A perfect ‘bad storm’ is driving egg prices up, experts say

BROKEN ARROW, Okla. — It’s not just the Avian Flu that has caused egg prices to rise, economists say. Oklahoma has had a few barn yard cases of the bird flu but not as many cases in other states.

Rodney Holcomb is a professor and food economist at the Oklahoma State University Extension.

He says it all boils down to economics. Oklahoma has an egg deficit – producing about one half of 1% of all U.S. egg production. The demand is one of many things that is driving up egg prices.

Oklahoma depends on other states with higher egg production and when those states get hit with the Avian Flu, it affects the prices in Oklahoma.

But the high egg prices, Holcomb says, are the result of a ‘perfect bad storm.’

“The war in Ukraine had an effect on corn and soybeans and when you start talking about feed for most livestock, including poultry, corn and soybeans is a big part of that,” Holcomb says.

He says double-digit inflation in food prices over the last two years and gas prices affected the cost of eggs.

“Because fertilizer prices are tied to fuel prices,” Holcomb says, “So, when fuel and fertilizer prices are extremely high, then the cost of growing grain for chicken feed is going to go up a lot. Once it goes up, that means the cost of the chickens goes up, the cost of eggs goes up, the cost of broilers, turkeys, everything goes up.”

At Green Acres 918 in Broken Arrow, Laura and Brandon Green have 70 laying hens, with only a few eggs.

And with food prices rising 20% over last year, they made some changes.

“We have partnered with GP Provisions who own restaurants downtown, like Lowood, and they actually save their scraps for us so that we can feed our chickens and they can still get the nutrients that they need,” Green said.

With the high feed prices, they’d have to raise their prices to $10 per dozen of eggs.

But they have a different business plan.

“We have actually decided to try and outgive God and start giving our eggs away,” Laura Green said. “So we still take donations but for the most part, we just give our eggs away for free.”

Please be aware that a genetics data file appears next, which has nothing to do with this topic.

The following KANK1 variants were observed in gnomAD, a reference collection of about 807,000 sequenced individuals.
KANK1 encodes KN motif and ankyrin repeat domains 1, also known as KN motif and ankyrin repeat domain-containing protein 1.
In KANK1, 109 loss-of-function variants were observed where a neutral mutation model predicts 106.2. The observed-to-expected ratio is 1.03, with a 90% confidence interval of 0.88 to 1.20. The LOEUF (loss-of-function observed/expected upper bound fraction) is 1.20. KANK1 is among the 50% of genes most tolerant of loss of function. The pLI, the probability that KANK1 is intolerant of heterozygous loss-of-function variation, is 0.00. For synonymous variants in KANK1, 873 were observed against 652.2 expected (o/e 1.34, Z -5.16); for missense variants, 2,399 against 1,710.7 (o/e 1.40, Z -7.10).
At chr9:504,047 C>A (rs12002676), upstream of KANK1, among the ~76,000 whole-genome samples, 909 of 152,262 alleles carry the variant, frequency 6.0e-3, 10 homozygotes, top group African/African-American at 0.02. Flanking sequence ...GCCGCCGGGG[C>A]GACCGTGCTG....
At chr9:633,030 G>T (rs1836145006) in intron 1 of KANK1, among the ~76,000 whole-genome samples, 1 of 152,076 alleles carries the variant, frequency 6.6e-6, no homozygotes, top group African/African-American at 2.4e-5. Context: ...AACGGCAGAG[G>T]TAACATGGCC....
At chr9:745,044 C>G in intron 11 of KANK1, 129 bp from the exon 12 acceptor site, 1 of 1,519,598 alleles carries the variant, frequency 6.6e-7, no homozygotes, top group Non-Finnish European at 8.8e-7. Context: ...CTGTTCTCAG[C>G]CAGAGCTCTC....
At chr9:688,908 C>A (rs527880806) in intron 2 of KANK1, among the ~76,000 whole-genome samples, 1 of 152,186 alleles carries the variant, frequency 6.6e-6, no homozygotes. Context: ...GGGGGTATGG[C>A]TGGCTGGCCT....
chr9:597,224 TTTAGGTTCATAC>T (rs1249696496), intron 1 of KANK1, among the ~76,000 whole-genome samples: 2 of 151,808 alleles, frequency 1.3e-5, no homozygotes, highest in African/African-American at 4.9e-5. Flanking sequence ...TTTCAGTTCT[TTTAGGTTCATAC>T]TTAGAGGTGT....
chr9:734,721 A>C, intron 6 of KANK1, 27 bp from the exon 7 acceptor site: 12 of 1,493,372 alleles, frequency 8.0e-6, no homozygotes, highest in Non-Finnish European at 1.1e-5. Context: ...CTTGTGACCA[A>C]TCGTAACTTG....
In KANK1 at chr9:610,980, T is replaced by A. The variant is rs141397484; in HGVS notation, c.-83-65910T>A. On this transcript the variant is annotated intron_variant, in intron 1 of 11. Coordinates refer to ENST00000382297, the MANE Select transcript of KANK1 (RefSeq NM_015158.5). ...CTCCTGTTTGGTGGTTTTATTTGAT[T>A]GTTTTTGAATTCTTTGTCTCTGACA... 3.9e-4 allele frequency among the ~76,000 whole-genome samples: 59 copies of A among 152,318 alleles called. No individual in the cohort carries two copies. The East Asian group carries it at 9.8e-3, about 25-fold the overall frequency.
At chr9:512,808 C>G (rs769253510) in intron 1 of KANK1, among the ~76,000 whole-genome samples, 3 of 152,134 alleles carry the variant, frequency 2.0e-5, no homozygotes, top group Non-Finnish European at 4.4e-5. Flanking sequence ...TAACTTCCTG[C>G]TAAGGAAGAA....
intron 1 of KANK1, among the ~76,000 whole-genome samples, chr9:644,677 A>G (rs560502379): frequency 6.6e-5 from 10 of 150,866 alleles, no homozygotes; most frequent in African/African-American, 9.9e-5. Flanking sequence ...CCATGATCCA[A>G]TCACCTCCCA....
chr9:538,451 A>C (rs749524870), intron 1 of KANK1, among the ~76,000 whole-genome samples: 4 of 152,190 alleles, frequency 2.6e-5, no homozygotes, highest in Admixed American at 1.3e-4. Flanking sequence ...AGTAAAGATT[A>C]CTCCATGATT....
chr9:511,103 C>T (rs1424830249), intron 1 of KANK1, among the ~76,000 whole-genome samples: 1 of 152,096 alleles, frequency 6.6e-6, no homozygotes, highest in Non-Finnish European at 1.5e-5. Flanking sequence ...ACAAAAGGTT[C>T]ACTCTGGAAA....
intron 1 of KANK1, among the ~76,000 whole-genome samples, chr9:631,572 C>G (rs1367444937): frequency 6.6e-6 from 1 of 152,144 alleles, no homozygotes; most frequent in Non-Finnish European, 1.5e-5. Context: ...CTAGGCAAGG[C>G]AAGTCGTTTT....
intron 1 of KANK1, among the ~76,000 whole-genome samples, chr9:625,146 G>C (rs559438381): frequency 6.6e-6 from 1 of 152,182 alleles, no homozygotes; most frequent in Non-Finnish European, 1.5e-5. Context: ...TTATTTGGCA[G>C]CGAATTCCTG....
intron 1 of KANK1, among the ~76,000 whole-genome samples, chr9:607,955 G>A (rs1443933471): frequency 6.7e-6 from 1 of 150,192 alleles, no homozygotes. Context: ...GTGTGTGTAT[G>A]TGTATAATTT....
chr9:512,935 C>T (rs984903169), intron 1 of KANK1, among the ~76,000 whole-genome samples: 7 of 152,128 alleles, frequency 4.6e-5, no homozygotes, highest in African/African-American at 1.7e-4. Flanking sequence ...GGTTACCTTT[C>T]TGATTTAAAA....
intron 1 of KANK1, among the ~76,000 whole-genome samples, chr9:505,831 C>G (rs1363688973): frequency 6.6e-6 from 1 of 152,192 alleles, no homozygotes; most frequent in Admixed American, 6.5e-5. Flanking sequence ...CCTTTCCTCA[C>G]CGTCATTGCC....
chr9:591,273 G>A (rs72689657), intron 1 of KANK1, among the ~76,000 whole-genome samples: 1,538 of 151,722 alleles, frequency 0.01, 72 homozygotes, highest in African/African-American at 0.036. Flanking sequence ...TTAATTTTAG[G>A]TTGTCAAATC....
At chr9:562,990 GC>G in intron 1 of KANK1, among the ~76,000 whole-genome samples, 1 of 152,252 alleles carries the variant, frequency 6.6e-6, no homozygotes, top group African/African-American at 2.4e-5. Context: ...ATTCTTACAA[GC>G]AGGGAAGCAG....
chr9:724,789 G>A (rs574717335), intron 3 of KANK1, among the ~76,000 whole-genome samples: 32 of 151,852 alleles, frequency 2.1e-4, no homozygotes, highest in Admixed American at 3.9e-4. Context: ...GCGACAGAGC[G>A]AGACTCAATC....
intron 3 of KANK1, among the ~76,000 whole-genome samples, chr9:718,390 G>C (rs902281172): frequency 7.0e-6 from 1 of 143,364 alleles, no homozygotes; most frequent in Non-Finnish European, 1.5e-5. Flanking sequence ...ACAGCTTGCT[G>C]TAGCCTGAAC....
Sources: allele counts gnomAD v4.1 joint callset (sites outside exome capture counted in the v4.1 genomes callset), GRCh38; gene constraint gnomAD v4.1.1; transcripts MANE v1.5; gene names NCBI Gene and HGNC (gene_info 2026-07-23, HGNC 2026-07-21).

They’ve chosen a different way of combatting inflation and the cost of eggs.

Holcomb says wherever the highest supply of eggs is, and the highest demand is – those two places will meet. He says Oklahoma imports a lot of eggs from neighboring states with higher production, like Iowa, Texas and Arkansas.

Holcomb says the U.S. lost 44 million laying hens last year and it will take time to recover.

“It’s still going to take a few months to get the production level back up to where we need it to be to meet the current demand for eggs,” he says, “And even then, because of the huge price increase we’ve seen in all food products for the last two years, we may come down but it’s not going to be our old normal from a few years ago, it’s going to be some new inflation-adjusted normal.”

So, egg prices won’t be as high as they are now but not as low as before. The Green family had to make their own adjustments to their poultry farm – besides giving away eggs for free.

“We’ll give our eggs away and we’ll have silkies and polish, which we can also sell for a good price,” Green says, “And so we can make a profit off of that.”

That’s a lot of changes for a fledgling farm.





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